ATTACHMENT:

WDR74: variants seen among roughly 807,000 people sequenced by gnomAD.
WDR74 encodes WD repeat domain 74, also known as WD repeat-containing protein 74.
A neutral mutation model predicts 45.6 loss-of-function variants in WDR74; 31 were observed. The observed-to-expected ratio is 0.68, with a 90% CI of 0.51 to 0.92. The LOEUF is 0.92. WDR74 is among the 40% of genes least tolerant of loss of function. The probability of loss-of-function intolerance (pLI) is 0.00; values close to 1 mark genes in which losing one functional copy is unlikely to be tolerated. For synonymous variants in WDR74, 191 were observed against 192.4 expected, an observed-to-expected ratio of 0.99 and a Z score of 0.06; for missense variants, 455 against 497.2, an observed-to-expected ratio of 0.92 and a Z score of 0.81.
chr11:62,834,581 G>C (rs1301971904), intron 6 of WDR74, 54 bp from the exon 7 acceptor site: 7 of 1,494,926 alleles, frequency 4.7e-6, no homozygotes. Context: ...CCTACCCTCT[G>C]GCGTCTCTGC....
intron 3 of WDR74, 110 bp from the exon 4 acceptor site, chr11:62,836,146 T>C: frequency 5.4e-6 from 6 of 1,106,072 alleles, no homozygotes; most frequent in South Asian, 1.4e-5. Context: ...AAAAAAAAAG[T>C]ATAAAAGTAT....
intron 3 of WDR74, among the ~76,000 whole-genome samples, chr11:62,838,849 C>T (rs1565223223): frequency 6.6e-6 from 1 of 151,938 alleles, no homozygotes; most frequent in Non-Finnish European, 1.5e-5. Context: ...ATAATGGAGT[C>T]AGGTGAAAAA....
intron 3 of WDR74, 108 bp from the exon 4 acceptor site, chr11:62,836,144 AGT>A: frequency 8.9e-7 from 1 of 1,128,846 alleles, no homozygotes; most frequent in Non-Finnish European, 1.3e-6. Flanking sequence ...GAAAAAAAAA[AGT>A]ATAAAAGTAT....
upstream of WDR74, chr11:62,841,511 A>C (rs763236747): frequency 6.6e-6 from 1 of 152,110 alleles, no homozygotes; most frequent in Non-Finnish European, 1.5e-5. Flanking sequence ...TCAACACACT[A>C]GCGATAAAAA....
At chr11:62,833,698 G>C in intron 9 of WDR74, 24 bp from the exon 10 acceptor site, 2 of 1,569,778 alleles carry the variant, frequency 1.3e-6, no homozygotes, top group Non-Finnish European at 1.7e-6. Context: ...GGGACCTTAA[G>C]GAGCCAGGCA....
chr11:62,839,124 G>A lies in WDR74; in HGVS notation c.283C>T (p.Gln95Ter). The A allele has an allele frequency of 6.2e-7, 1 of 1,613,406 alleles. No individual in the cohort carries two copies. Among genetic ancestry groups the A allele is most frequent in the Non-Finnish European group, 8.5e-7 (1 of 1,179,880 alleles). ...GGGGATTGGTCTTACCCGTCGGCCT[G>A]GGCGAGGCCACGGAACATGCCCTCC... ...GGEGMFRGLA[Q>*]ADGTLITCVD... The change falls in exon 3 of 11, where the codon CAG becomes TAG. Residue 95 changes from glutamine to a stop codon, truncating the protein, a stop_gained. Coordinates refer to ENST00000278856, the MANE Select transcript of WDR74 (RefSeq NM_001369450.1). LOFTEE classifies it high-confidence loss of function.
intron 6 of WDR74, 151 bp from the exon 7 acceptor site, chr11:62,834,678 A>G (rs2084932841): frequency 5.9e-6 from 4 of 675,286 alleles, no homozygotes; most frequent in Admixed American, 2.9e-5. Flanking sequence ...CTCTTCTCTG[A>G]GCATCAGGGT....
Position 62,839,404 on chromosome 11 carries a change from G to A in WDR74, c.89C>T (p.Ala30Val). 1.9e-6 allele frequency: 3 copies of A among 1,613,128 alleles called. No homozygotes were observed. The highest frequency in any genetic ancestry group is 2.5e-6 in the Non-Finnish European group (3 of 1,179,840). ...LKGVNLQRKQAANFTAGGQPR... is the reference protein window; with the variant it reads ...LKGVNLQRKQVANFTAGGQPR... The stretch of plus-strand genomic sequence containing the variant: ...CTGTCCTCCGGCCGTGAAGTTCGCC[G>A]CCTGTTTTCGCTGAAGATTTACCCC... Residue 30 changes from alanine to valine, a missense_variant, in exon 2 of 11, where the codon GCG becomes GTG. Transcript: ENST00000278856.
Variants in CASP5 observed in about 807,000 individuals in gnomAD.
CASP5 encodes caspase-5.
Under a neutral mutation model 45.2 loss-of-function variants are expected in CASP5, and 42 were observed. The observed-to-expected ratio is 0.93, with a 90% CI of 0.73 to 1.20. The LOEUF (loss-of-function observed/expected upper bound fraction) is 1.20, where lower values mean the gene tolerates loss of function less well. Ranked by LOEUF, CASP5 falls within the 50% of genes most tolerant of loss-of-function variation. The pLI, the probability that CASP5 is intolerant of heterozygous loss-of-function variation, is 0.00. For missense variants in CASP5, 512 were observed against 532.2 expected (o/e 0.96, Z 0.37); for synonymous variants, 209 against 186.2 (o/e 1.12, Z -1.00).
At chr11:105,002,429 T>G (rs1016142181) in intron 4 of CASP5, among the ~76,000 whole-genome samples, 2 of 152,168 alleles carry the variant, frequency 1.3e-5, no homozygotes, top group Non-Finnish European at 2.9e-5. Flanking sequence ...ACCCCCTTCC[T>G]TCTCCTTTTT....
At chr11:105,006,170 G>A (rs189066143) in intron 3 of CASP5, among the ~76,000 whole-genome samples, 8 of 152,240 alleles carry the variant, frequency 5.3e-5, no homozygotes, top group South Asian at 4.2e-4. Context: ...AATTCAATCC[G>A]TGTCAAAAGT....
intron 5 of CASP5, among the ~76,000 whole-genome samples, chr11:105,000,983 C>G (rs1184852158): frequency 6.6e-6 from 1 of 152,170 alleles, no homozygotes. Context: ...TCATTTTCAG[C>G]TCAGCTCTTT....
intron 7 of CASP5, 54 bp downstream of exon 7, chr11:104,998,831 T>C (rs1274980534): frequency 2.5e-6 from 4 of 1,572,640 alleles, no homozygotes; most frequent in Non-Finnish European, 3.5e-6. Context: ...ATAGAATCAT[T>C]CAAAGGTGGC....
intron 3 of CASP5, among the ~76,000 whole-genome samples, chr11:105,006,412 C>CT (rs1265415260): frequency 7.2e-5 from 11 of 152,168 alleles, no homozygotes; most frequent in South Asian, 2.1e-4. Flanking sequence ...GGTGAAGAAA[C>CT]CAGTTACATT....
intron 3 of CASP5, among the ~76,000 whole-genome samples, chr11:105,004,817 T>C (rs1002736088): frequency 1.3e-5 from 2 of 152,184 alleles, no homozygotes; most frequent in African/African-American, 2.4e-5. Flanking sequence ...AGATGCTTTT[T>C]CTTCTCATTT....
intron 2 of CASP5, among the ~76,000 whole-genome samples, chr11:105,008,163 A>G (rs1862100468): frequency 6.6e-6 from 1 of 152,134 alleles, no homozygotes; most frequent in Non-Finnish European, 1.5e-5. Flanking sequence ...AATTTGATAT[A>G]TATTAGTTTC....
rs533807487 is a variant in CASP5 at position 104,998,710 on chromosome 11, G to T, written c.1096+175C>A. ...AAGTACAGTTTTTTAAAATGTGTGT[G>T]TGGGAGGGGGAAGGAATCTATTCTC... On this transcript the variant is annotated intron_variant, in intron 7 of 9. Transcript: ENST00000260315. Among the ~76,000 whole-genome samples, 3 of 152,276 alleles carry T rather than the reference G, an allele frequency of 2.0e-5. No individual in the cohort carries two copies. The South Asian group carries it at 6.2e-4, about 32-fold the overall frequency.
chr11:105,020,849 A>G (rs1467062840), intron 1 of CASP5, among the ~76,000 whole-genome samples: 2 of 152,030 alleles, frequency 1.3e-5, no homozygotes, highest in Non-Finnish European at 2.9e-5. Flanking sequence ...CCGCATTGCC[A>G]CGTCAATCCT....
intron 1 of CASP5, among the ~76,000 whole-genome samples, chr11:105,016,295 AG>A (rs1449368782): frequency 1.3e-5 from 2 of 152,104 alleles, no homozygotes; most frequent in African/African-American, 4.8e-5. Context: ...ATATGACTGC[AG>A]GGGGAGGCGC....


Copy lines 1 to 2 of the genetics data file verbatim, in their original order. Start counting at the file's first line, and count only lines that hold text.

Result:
WDR74: variants seen among roughly 807,000 people sequenced by gnomAD.
WDR74 encodes WD repeat domain 74, also known as WD repeat-containing protein 74.